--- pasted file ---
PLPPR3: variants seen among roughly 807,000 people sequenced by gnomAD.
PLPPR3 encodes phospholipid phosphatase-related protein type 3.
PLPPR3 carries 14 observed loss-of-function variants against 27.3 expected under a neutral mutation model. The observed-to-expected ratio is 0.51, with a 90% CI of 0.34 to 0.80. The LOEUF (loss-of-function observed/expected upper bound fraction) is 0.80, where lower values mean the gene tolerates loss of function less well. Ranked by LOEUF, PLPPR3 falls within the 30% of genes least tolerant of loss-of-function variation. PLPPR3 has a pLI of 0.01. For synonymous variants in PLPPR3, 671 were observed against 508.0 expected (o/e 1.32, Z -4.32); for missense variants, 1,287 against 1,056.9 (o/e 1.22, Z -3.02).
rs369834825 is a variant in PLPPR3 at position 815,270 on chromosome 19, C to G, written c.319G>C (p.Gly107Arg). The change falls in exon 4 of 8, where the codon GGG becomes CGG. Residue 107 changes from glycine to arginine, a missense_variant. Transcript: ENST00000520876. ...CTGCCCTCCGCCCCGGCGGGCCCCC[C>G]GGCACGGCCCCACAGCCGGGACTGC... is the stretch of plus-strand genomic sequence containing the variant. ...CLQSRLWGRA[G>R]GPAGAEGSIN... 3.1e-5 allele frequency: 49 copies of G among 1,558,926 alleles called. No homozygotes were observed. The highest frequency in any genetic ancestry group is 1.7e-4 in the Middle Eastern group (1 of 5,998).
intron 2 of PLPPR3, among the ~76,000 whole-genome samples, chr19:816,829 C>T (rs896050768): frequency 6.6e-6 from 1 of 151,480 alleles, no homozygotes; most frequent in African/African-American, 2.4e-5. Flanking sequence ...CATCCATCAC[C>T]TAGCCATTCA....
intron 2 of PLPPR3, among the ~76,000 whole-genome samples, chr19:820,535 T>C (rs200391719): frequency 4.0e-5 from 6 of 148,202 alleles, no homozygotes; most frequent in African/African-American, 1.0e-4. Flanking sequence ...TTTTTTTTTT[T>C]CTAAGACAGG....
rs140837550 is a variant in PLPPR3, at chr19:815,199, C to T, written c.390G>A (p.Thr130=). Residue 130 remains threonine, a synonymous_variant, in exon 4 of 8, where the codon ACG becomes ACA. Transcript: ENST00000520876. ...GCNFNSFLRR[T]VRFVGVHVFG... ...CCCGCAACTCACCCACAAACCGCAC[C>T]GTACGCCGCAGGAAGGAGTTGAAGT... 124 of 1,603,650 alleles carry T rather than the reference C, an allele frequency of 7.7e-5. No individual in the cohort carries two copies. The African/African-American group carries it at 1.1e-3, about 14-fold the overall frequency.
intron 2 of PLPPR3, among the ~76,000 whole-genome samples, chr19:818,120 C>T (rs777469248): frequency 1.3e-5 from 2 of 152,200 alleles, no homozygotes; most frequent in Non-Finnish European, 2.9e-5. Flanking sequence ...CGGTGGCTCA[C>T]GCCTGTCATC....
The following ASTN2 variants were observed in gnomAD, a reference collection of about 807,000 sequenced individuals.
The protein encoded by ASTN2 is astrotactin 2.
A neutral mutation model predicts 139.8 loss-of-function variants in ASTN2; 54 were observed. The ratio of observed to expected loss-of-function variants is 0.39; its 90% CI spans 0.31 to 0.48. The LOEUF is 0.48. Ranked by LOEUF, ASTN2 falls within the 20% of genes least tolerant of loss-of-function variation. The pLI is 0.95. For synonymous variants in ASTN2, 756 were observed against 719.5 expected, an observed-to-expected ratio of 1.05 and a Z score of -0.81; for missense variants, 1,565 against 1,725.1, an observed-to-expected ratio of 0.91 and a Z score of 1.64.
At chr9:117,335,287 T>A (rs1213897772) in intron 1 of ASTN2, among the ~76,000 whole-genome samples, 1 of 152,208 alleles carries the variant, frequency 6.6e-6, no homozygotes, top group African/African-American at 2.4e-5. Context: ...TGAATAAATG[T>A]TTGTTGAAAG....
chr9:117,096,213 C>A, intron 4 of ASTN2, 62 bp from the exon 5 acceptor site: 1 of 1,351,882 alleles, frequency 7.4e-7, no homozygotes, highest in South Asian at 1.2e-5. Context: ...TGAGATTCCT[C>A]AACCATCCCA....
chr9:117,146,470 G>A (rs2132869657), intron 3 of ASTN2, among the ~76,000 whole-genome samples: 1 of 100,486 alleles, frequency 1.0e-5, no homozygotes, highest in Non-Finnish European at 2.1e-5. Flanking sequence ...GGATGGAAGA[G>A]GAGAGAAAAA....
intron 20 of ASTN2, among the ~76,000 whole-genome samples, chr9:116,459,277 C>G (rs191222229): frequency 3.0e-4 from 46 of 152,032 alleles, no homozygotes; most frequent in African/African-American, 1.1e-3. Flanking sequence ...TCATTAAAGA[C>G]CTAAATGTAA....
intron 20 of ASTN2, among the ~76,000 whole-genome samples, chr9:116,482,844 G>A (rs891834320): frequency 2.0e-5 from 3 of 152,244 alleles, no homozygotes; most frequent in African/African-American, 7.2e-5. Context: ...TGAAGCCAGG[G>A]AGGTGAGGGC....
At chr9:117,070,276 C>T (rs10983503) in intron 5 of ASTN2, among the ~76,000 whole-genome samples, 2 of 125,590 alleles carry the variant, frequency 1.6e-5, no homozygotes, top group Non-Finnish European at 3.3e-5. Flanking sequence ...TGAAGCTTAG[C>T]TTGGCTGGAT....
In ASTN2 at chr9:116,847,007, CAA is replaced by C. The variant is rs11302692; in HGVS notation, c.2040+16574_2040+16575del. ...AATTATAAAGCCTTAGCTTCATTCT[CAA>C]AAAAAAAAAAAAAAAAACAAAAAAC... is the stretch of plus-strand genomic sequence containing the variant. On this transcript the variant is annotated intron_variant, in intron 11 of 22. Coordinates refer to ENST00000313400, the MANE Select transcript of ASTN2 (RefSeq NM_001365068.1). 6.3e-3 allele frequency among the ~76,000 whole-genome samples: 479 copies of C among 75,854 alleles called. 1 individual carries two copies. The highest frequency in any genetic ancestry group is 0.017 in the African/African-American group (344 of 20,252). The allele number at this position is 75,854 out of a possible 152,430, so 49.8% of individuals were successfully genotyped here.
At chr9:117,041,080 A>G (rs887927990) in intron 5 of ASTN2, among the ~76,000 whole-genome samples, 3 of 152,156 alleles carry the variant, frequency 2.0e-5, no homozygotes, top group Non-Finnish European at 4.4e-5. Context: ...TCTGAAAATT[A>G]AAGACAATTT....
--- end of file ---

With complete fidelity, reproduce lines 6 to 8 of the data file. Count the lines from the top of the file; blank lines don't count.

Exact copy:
intron 2 of PLPPR3, among the ~76,000 whole-genome samples, chr19:820,535 T>C (rs200391719): frequency 4.0e-5 from 6 of 148,202 alleles, no homozygotes; most frequent in African/African-American, 1.0e-4. Flanking sequence ...TTTTTTTTTT[T>C]CTAAGACAGG....
rs140837550 is a variant in PLPPR3, at chr19:815,199, C to T, written c.390G>A (p.Thr130=). Residue 130 remains threonine, a synonymous_variant, in exon 4 of 8, where the codon ACG becomes ACA. Transcript: ENST00000520876. ...GCNFNSFLRR[T]VRFVGVHVFG... ...CCCGCAACTCACCCACAAACCGCAC[C>T]GTACGCCGCAGGAAGGAGTTGAAGT... 124 of 1,603,650 alleles carry T rather than the reference C, an allele frequency of 7.7e-5. No individual in the cohort carries two copies. The African/African-American group carries it at 1.1e-3, about 14-fold the overall frequency.
intron 2 of PLPPR3, among the ~76,000 whole-genome samples, chr19:818,120 C>T (rs777469248): frequency 1.3e-5 from 2 of 152,200 alleles, no homozygotes; most frequent in Non-Finnish European, 2.9e-5. Flanking sequence ...CGGTGGCTCA[C>T]GCCTGTCATC....